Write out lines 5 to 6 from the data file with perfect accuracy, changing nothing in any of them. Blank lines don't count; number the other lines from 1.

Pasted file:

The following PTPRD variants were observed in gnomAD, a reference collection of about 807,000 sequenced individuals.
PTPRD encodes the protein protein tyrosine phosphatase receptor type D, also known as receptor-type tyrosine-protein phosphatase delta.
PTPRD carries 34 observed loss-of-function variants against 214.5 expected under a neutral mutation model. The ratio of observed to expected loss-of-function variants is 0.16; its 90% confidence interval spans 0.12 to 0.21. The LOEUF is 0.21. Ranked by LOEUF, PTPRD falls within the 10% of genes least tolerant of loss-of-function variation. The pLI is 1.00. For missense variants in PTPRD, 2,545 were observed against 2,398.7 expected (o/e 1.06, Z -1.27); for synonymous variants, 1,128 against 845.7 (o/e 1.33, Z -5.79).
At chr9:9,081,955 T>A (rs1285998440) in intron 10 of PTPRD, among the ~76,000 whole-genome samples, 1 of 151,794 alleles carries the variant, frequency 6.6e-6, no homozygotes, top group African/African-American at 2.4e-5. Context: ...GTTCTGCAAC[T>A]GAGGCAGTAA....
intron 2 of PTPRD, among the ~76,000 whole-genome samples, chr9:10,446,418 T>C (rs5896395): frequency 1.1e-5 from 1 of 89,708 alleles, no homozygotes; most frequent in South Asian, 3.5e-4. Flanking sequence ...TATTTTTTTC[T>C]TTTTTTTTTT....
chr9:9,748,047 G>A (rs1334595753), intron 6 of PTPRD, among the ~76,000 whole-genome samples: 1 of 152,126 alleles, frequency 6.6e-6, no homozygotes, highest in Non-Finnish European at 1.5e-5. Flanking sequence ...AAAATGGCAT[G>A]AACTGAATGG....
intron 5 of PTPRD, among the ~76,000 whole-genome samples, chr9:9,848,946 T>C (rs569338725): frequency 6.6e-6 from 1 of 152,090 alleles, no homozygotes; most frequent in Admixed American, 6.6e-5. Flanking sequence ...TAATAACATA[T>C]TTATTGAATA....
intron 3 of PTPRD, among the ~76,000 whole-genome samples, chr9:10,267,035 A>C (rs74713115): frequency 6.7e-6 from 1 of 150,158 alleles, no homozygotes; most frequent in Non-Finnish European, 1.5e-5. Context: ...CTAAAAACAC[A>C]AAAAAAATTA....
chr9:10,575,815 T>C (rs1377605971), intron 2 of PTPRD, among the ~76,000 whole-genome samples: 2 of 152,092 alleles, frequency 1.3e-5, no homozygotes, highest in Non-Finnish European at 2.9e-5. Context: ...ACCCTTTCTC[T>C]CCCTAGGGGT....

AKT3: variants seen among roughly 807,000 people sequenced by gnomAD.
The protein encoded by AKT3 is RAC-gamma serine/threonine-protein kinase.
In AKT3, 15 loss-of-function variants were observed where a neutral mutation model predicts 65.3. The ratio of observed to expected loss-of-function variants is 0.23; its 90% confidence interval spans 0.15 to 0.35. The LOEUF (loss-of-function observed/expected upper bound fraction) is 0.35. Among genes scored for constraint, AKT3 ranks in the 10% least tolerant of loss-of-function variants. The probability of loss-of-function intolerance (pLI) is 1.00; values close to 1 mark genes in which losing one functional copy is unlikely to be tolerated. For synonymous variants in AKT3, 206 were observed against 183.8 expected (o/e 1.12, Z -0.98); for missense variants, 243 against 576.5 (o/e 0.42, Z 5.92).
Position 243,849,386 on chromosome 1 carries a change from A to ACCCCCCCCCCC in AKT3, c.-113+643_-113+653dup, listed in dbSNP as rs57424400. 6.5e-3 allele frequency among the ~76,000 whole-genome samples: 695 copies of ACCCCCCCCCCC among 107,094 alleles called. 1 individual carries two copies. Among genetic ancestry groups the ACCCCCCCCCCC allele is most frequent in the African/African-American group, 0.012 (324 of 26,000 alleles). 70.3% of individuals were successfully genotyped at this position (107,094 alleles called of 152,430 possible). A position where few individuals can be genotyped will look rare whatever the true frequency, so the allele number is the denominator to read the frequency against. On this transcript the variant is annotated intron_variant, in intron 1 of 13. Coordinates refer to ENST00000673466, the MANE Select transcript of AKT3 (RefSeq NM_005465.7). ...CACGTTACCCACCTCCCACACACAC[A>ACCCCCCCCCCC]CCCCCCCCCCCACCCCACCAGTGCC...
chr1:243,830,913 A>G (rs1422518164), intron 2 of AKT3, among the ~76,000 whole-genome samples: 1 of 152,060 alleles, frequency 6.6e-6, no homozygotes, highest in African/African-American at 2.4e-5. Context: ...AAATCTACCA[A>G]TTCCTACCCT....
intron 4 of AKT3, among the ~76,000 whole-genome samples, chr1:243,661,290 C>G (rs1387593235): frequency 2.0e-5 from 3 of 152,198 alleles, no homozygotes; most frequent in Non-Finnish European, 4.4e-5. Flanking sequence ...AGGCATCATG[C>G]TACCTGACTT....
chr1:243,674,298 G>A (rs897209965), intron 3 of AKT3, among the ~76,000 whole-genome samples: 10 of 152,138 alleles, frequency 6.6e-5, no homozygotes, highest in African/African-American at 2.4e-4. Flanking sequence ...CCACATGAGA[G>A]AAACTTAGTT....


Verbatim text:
intron 2 of PTPRD, among the ~76,000 whole-genome samples, chr9:10,446,418 T>C (rs5896395): frequency 1.1e-5 from 1 of 89,708 alleles, no homozygotes; most frequent in South Asian, 3.5e-4. Flanking sequence ...TATTTTTTTC[T>C]TTTTTTTTTT....
chr9:9,748,047 G>A (rs1334595753), intron 6 of PTPRD, among the ~76,000 whole-genome samples: 1 of 152,126 alleles, frequency 6.6e-6, no homozygotes, highest in Non-Finnish European at 1.5e-5. Flanking sequence ...AAAATGGCAT[G>A]AACTGAATGG....